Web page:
My Judy Blume choice is: The One in the Middle is the Green Kangaroo. Why? Well, mainly because I am a Green Kangaroo, but it is also a short read, and you can discuss it real quick before America’s next top model starts. When you get through all of Judy Blume you can go onto Beverly Cleary, because Ramona is the ultimate female heroine.
    As for my serious suggestions: East of Eden (Steinbeck) or Things Fall Apart(Achebe). Two of my favorites.

  16. StationeryQueen Says:

    I second the vote for Steinbeck. As for a Judy Blume book, you must include my fave, “Tiger Eyes.”

  17. peefer Says:

    Every girl under the age of 18 has read at least three of her books
    … as well as every boy with an older sister. I’m still waiting for my period though.
    My vote is for #4, but only because I JUST finished The Hours (by Michael Cunningham), which happens to revolve around Mrs. Dalloway.

  18. dee-dee Says:

    i believe this whole entry is an elaborate scheme to get the focus of our bookclub off of reading any period pieces so in that case…i think we should read the entire jane austin collection.

  19. kilax Says:

    Definetely #5. The Great Gatsby is a wonderful novel.

  20. McMonkey Says:

    I have a simple solution that will save time and still give you about the same satisfaction…

  21. shari Says:

    I’m going to try to cast off my usual Type A assertiveness here, and proclaim loudly that I will read whatever you want, Jenny. Because this is your blog and you call the shots. I just want to be in the club, whatever club you suggest. And I have learned from Asia’s mistakes, and will never, ever use the word “menstruate” on your blog, either.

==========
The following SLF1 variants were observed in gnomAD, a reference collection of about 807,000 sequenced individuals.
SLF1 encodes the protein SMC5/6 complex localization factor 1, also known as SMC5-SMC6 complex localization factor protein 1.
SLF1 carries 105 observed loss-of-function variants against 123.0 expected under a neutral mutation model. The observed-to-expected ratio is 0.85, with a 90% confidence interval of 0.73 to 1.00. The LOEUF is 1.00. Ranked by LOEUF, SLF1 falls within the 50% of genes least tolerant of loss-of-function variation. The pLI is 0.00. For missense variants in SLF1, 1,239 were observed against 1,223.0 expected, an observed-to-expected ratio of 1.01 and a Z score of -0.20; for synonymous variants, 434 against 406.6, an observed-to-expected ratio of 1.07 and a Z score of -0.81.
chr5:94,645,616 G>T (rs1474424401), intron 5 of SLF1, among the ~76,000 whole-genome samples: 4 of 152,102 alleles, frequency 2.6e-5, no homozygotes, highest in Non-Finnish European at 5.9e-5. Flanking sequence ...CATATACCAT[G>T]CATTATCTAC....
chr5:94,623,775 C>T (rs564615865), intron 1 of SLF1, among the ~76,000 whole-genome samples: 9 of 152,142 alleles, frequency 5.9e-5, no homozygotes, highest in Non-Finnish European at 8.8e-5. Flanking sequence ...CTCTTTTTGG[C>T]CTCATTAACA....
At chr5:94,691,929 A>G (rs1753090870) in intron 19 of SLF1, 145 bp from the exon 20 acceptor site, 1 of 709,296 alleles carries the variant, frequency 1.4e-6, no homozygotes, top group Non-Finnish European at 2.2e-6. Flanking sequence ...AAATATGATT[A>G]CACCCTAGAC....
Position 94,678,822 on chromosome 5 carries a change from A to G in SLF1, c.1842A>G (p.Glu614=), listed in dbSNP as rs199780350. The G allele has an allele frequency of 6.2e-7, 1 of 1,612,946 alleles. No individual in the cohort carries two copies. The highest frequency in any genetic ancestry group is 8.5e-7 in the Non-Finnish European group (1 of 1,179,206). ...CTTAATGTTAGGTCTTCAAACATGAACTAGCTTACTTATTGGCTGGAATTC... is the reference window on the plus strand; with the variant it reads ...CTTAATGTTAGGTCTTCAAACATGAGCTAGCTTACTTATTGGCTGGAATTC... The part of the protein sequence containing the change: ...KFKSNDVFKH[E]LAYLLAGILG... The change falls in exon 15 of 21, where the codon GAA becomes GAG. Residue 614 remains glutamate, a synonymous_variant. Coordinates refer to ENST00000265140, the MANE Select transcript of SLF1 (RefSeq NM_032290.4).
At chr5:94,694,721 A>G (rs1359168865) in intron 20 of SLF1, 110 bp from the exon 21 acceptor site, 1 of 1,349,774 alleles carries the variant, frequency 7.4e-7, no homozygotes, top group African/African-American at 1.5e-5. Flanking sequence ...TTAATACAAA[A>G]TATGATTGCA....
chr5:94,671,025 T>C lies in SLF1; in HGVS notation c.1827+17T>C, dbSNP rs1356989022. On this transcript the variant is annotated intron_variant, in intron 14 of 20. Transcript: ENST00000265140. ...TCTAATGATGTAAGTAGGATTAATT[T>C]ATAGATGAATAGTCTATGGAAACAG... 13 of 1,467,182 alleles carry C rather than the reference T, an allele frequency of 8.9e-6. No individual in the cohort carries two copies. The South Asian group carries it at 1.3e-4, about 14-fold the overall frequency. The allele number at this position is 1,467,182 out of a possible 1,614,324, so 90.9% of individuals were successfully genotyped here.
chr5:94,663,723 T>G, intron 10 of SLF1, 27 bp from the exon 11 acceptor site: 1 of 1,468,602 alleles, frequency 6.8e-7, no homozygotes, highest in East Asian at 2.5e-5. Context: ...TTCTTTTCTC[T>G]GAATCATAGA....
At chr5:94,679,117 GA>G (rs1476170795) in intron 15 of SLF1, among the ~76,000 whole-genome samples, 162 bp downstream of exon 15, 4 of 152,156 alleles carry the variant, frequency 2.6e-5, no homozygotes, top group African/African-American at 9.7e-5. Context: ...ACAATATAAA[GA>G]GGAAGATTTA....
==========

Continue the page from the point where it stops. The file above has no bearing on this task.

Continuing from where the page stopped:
***head exploding***

  22. Bobby Says:

    I’d like to recomend on for the contemporary side of the pairing – because I was on a classics kick and had lost faith in anything new but was amazed and pleasantly surprised by the following:
    The Curious Incident of the Dog in the Night Time by Mark Haddon
    Of all of the numerous reviews you’ll find (by very notable reviewers) one word will continue to crop up: Empathy. It is a Rainman kind of story. You will not stop reading until you reach the end of it. No joke.
    Mark Haddon worked with autistics, and his ability to tell this story through the eyes of an autistic and still carry the story in such a gripping and humorous way . . . morbidly humorous at times. Definitely, positively emotional and fun and funny.
    Great Gatsby is a good one to talk about – so much so that it might be all talked out. I guess you risk that with any of the classics though.

  23. katietimothy Says:

    I second the Beverly Cleary suggestion. Maybe add in some Box Car Children and round it out with a little Madeline L’Engle.

  24. Junebug Says:

    How about “A Separate Peace” (John Knowles) and “Tales of a Fourth Grade Nothing” (Judy Blume). I would definitely join if those were paired. :) Although basically any Judy Blume book would get me hooked.

  25. gillespie Says:

    Two words: Lost Horizon (author James Hilton).

  26. romy Says:

    i second brando’s idea ! the JB books about girls are fine and all, but there’s just something about the boy stories.
    also, i read wifey when i was about 13 and thought it represented the way NORMAL ADULTS behaved. including the sex scenes. remember the penis dance ? in terms of modelling behavior for the readership, i think her coming-of-teenage books are more reliable.

  27. spinner8 Says:

    It’s not just girls that read Judy Blume. And Beverly Cleary’s Ramona Q. is a role model for people of all genders.
    I’d say read all of them. And, at the risk of adding a book that someone in the middle of the comments already mentioned, I’d add Steinbeck’s Cannery Row.